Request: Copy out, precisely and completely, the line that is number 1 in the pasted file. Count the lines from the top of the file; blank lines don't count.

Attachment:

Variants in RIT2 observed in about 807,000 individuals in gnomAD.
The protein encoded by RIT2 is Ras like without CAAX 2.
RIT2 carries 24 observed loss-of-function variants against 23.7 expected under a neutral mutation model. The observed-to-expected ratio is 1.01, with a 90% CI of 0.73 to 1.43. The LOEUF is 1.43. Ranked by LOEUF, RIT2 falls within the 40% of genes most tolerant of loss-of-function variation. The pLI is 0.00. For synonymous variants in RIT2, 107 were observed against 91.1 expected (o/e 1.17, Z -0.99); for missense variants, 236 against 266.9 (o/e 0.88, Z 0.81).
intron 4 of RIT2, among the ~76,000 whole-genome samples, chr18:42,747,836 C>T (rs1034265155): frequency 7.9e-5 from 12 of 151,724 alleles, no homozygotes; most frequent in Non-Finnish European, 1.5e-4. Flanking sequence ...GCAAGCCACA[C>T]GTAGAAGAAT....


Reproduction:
Variants in RIT2 observed in about 807,000 individuals in gnomAD.